Our attendee Sally Smith highly recommends the book "Cuisine and Empire" by Rachel Laudan, an analysis of food history.
Henry says that he likes to let readers do a lot of sleuthing to figure out the implications of the things he puts in his stories. He doesn't want to dumb it down. Connie Willis taught him that any new idea has to be mentioned three times if it is to stick in the reader's mind, but he says that when he had his work edited, those extra mentions were the things that typically got slashed. He worries sometimes about letting readers work, because he doesn't want to be a "bad host" in his world.
I asked Henry about food culture in Pearl. Henry says that he brings his special perspective as a Vegan to the way he discusses food culture. Taiwanese and Chinese cultures have a huge variety of foods and a fascination with exotic meats. As an example he cites pangolin, which tastes bad and is an endangered species, but still people are drawn to it. From this he picked up the idea of people exoticizing particular foods for novelty. In Pearl, there are both ancient and contemporary dishes. In the novel, he says, there is a tsunami that causes very little structural damage because of the properties of the coating of pearl on everything. One of the things the tsunami causes is a flood of people trying to pick up the rare sea creatures that have washed out of the ocean, so they can eat them before the scientists get to them. These are served at a banquet for foreign students, causing a very uncomfortable situation for the outsiders to this food culture.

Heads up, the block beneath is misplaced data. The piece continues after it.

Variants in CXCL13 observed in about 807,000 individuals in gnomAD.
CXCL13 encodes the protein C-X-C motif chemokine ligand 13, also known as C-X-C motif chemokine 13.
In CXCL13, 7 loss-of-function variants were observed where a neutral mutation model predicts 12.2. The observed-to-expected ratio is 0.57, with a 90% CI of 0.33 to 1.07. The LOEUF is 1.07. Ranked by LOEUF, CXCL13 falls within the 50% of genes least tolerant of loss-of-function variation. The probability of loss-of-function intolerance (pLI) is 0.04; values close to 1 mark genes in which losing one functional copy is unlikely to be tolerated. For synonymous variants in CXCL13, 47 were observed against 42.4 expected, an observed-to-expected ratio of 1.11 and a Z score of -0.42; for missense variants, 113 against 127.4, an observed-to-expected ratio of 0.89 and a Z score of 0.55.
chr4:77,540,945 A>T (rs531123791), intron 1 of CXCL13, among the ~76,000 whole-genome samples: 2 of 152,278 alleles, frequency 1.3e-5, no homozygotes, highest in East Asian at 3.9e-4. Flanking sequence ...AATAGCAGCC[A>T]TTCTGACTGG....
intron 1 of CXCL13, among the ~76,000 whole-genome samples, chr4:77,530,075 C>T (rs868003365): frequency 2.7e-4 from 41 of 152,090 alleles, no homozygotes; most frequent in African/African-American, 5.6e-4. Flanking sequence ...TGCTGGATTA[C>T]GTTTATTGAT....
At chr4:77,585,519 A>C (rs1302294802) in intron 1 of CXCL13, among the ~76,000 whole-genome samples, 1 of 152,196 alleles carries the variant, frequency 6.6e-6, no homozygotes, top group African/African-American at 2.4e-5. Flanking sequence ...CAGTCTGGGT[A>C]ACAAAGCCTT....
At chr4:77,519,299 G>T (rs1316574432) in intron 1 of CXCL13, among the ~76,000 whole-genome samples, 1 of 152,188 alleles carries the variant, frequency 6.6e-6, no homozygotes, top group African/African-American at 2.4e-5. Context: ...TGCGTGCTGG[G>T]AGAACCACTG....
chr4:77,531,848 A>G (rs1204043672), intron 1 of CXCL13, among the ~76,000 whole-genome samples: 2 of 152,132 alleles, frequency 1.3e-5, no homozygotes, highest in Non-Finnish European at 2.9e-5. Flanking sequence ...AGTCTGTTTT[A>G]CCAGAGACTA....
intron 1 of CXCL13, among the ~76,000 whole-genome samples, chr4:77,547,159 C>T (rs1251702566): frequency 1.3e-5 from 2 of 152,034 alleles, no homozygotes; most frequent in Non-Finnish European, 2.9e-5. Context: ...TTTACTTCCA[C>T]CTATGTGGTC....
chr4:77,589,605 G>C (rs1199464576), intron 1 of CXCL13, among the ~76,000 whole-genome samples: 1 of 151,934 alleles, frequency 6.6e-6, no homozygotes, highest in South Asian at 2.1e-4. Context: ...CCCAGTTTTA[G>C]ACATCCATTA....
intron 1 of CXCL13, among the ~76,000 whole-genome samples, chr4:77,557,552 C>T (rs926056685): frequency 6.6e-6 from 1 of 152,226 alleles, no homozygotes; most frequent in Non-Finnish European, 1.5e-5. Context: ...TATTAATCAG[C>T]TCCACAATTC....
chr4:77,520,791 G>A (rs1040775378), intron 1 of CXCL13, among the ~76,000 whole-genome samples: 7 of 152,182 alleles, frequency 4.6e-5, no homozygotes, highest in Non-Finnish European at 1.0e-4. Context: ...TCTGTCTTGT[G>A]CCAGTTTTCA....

Henry remarked that there are food practices, like the killing of dophins for food in Japan, that are reinforced because of the opposition that the practice has incurred from outsiders. He says, "we cling to traditions because we are tired of being attacked." He described the enormous cultural changes that had happened in Taiwan within his parents' lifetime, and said that his grandmother had bound feet. For military or other reasons, people can be forced to leap a century forward. Foot binding was discouraged after the cultural revolution, and thus not by a group of outsiders, but was nevertheless resisted by many. He says there is a similar dynamic of resistance to stopping the practice of female genital mutilation. In his own fiction, he says, he tries to keep these questions "fluffier" by focusing on things like eating weird stuff.
Glenda asked about what happens when you have multiple layers of conquest, and whether that adds richness to a culture. Henry responded that it's interesting when you have to negotiate your own culture relative to others. Identity is a choice to some extent. Collisions and stresses produce beautiful results.
I asked whether his novel dealt with questions of sexuality as well as gender, and he said yes, but would not elaborate due to spoilers! He said it these questions were important in every culture, as was the question, "how do people construct themselves?"
When asked what area he attacks first in worldbuilding, he said really it's more important to ask the last question, which is that of money. Money motivates and constructs so much of culture. Following the money therefore becomes very important for the cohesion and success of a world.
At the end of the hangout, Henry treated us to his own rendition of a new anthem he's creating for SFWA, called "Radio SFWA." He played piano and sang the chorus for us. It was awesome!
Thanks for appearing on the show, Henry, and hearty thanks to everyone who joined us for the hangout last week. This week, Dive into Worldbuilding will meet on Wednesday, September 23, and we'll talk about questions of neurotypicality, including autism and other differences in neural function. We'll have an expert on the topic with us, Lillian Csernica. I hope you can join us!
Here's the video: